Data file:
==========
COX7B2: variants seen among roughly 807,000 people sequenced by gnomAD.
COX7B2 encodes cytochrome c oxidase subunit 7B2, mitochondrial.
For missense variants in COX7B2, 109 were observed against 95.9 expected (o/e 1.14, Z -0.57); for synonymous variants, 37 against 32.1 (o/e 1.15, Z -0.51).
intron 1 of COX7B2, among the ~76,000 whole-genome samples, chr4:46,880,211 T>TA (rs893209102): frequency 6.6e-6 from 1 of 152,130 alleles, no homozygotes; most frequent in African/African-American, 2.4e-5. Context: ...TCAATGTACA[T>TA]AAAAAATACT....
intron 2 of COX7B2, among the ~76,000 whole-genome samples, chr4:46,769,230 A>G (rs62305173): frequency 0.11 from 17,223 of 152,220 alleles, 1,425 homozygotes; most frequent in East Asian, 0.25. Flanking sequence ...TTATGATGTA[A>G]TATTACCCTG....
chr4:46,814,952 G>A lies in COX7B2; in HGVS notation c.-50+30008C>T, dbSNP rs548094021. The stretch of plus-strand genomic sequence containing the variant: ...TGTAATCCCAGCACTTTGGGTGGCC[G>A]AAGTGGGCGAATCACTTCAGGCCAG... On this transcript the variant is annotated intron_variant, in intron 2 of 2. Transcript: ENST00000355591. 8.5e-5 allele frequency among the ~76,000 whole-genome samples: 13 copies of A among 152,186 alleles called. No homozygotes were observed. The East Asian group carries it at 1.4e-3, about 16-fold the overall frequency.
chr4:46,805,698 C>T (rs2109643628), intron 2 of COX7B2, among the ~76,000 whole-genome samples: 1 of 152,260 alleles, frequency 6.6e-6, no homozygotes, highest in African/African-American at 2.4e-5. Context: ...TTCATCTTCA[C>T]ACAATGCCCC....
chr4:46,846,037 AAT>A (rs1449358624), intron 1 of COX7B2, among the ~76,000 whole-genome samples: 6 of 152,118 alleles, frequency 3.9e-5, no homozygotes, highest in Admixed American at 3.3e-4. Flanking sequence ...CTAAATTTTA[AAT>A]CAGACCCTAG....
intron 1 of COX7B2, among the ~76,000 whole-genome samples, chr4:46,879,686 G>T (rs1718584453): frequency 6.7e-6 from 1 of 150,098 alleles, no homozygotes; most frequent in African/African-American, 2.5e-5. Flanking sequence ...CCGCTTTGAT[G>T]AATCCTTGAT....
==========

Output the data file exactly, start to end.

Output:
COX7B2: variants seen among roughly 807,000 people sequenced by gnomAD.
COX7B2 encodes cytochrome c oxidase subunit 7B2, mitochondrial.
For missense variants in COX7B2, 109 were observed against 95.9 expected (o/e 1.14, Z -0.57); for synonymous variants, 37 against 32.1 (o/e 1.15, Z -0.51).
intron 1 of COX7B2, among the ~76,000 whole-genome samples, chr4:46,880,211 T>TA (rs893209102): frequency 6.6e-6 from 1 of 152,130 alleles, no homozygotes; most frequent in African/African-American, 2.4e-5. Context: ...TCAATGTACA[T>TA]AAAAAATACT....
intron 2 of COX7B2, among the ~76,000 whole-genome samples, chr4:46,769,230 A>G (rs62305173): frequency 0.11 from 17,223 of 152,220 alleles, 1,425 homozygotes; most frequent in East Asian, 0.25. Flanking sequence ...TTATGATGTA[A>G]TATTACCCTG....
chr4:46,814,952 G>A lies in COX7B2; in HGVS notation c.-50+30008C>T, dbSNP rs548094021. The stretch of plus-strand genomic sequence containing the variant: ...TGTAATCCCAGCACTTTGGGTGGCC[G>A]AAGTGGGCGAATCACTTCAGGCCAG... On this transcript the variant is annotated intron_variant, in intron 2 of 2. Transcript: ENST00000355591. 8.5e-5 allele frequency among the ~76,000 whole-genome samples: 13 copies of A among 152,186 alleles called. No homozygotes were observed. The East Asian group carries it at 1.4e-3, about 16-fold the overall frequency.
chr4:46,805,698 C>T (rs2109643628), intron 2 of COX7B2, among the ~76,000 whole-genome samples: 1 of 152,260 alleles, frequency 6.6e-6, no homozygotes, highest in African/African-American at 2.4e-5. Context: ...TTCATCTTCA[C>T]ACAATGCCCC....
chr4:46,846,037 AAT>A (rs1449358624), intron 1 of COX7B2, among the ~76,000 whole-genome samples: 6 of 152,118 alleles, frequency 3.9e-5, no homozygotes, highest in Admixed American at 3.3e-4. Flanking sequence ...CTAAATTTTA[AAT>A]CAGACCCTAG....
intron 1 of COX7B2, among the ~76,000 whole-genome samples, chr4:46,879,686 G>T (rs1718584453): frequency 6.7e-6 from 1 of 150,098 alleles, no homozygotes; most frequent in African/African-American, 2.5e-5. Flanking sequence ...CCGCTTTGAT[G>T]AATCCTTGAT....